Coyote Derby
Dave’s Sporting Goods in Pittsfield is having its Coyote Derby again this year. It will run until the end of coyote hunting season which is March 8, 2018. Entrance fee is $10 and prizes will be awarded to the person who bags the most coyotes, the largest coyote and there will also be a random draw.
Don’t import deer from out of state
To keep Chronic Wasting Disease (CWD) from spreading to Massachusetts, it is illegal to import deer parts (from any deer species) from states or provinces where CWD has been detected. This includes OH, MD, NY, PA, VA, WV, and many other states. Live deer of any species may not be brought into Massachusetts for any purpose. It is legal to bring in deboned meat, clean skull caps, hides without the head, or a fixed taxidermy mount.
CWD is a contagious neurological disease that is 100% fatal to all cervids, including deer, elk, and moose. It attacks the brains of infected animals, causing them to exhibit abnormal behavior, become emaciated, and eventually die. Infected deer can spread the infectious agents through urine, feces, saliva, etc. for months before showing clinical symptoms. The infectious agents are in very high concentrations in the brain and spinal tissue, so an infected carcass left on the landscape can be a major problem. The infectious agents can remain in the soil for over 10 years and can be taken up into the leaves of plants that deer eat.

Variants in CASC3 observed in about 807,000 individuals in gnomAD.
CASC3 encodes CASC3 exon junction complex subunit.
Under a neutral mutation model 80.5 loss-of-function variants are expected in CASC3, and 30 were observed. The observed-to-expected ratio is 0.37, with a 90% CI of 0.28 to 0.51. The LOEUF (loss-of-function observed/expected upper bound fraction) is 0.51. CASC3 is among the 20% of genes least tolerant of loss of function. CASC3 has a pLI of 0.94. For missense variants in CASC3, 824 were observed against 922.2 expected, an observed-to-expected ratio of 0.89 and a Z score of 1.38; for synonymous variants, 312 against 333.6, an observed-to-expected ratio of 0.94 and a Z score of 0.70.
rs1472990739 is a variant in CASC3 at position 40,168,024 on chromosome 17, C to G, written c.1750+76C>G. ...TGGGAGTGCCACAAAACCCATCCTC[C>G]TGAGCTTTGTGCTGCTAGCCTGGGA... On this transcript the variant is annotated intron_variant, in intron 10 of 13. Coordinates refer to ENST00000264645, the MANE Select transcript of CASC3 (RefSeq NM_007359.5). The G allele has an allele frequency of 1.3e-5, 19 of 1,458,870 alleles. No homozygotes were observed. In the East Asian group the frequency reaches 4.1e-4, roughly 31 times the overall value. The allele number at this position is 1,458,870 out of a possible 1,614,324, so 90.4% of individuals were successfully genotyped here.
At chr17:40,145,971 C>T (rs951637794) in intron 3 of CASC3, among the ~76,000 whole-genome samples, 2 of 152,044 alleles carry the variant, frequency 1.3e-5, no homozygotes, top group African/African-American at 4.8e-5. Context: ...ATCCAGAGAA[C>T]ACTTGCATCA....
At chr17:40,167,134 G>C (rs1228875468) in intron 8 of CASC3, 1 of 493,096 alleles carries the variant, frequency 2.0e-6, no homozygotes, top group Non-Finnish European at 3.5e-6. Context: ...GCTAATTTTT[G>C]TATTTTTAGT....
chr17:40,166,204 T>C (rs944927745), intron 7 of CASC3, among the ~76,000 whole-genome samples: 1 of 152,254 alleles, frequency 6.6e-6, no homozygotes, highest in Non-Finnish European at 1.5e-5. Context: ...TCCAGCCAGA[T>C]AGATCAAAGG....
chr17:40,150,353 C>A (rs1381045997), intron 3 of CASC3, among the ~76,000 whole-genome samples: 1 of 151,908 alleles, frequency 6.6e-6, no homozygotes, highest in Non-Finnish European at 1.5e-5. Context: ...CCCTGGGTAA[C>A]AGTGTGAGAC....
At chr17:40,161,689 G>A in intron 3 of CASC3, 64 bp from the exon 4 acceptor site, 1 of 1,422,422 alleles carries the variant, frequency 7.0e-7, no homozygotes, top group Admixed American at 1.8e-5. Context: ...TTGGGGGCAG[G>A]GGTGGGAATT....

If you see a deer or moose in Massachusetts exhibiting any signs of this disease or any other disease, please contact MassWildlife at (508) 389-6300.
So far, no CWD infected deer have been found in Massachusetts. Let’s try to keep it that way.
The International Defensive Pistol Association will be holding a 2-Gun match on Sunday, December 10, weather permitting, at the Lee Sportsmen’s Association. It starts at 12:00 pm and ends at 4:30 pm. Shotgun and/or pistol, 3 stages, 30 #7 shot shell 150 pistol. Contact for more information. Also, all scheduled event information is listed at